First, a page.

SANTA FE, N.M., Oct. 8 /PRNewswire/ -- An alleged Leonardo da Vinci drawing in a private collection, "La Bella Principessa," reputedly worth $150 million and subject of worldwide publicity and a recent book, may actually be a work by early 19th-century German artist Julius Schnorr von Carolsfeld (1794-1872), one of the Nazarene Brotherhood of German painters working in Rome who copied the styles and subjects of Italian Renaissance masters.
The discovery was announced by Fred R. Kline, President of Kline Art Research Associates, Santa Fe, NM. An independent art historian known for many discoveries of lost art, Kline found in August 2010 a related drawing by Schnorr, "Half-Nude Female," in State Art Museum, Mannheim, Germany. Kline's past discoveries include four unsigned drawings and one unsigned painting by other "Nazarene" artists now in prominent museum collections.
"I have no vested interest here other than to question their authoritative judgments and to possibly keep art history free of fakes, bogus science, and substandard connoisseurship," said Kline. "Regarding 'La Principessa,' big questions remain: is this just a biased case of mistaken identity or the most clever art fraud of the last 100 years?"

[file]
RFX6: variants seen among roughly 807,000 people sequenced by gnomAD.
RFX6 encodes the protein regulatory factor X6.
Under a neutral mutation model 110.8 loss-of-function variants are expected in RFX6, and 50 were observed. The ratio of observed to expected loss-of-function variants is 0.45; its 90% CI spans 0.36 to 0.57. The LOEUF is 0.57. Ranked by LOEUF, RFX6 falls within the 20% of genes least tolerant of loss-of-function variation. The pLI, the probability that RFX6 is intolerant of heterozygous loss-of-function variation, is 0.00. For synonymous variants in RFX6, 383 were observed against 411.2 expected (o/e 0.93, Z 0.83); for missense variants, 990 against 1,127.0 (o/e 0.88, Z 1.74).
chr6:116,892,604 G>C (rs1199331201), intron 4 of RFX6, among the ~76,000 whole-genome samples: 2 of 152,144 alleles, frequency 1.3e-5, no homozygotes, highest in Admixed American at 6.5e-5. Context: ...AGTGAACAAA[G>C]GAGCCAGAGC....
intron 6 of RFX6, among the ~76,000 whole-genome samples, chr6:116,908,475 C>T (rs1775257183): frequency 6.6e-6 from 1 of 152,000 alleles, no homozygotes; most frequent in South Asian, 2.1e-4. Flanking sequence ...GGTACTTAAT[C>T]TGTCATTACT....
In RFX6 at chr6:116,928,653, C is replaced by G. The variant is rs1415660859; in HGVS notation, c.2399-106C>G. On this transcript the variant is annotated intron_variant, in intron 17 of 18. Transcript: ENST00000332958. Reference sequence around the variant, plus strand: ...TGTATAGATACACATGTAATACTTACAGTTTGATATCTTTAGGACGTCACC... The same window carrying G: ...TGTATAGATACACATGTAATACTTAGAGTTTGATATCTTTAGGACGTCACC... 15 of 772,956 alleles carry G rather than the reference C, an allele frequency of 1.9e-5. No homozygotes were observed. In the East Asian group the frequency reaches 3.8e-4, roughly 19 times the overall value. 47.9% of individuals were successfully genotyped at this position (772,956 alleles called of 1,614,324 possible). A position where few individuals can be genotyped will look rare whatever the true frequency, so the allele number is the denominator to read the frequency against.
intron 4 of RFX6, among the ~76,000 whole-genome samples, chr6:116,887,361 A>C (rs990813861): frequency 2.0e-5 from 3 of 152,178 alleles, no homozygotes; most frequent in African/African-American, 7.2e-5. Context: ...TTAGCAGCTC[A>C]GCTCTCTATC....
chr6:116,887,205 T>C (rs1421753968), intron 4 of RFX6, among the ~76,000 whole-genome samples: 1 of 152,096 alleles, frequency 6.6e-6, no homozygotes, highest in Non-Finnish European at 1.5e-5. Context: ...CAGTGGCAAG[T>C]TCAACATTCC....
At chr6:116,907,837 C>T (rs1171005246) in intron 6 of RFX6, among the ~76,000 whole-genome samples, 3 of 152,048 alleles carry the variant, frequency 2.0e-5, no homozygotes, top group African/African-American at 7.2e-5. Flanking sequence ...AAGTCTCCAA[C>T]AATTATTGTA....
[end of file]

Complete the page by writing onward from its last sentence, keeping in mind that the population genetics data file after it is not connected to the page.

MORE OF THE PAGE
Most experts in da Vinci's drawings and prominent art historians have rejected the "Principessa" as Leonardo, but the actual creator has been an unsolved mystery since first reported in the New York Times two years ago. No other artist has been suggested until now. Among those who reject the da Vinci "Principessa" is leading expert of Leonardo's drawings, Carmen Bambach, curator at Metropolitan Museum of Art; and Martin Clayton, curator at Royal Collection, Windsor Castle, the world's largest collection of da Vinci drawings.
Leonardo scholar and Oxford Emeritus Professor Martin Kemp, principal author of a recent book, "La Bella Principessa: The Story of the New Masterpiece by Leonardo Da Vinci," offers supportive forensic evidence in the book and his own opinion of the drawing's authenticity. No dissenting opinions were included. "Questionable connoisseurship and questionable science all around," said Kline.
Kline, who also claims a specialty in da Vinci's drawings, believes the Mannheim drawing depicts the same young woman with related braided hair as found in the 'Principessa,' and likely drawn on the identical vellum. According to Kline, vellum, or parchment, is a rare material for drawing which Schnorr often used and Leonardo never used. Two other Schnorr drawings on vellum are at Mannheim. "The 'Principessa' is clearly an idealized version of the Mannheim model recreated in the manner of a Renaissance engagement portrait," said Kline.
Leonardo da Vinci (?) / here attributed to Schnorr, "La Bella Principessa" (Private Collection), 13 x 9.5 inches, ink & colored chalks on vellum: http://www.ereleases.com/pic/2010-Leonardo-alleged.jpg
Julius Schnorr von Carolsfeld, "Half-Nude Female," 1820-21 (Mannheim Museum), 11.5 x 6.9 inches, pencil on vellum: http://www.ereleases.com/pic/2010-Schnorr-von-Carolsfeld.jpg
SOURCE Kline Art Research Associates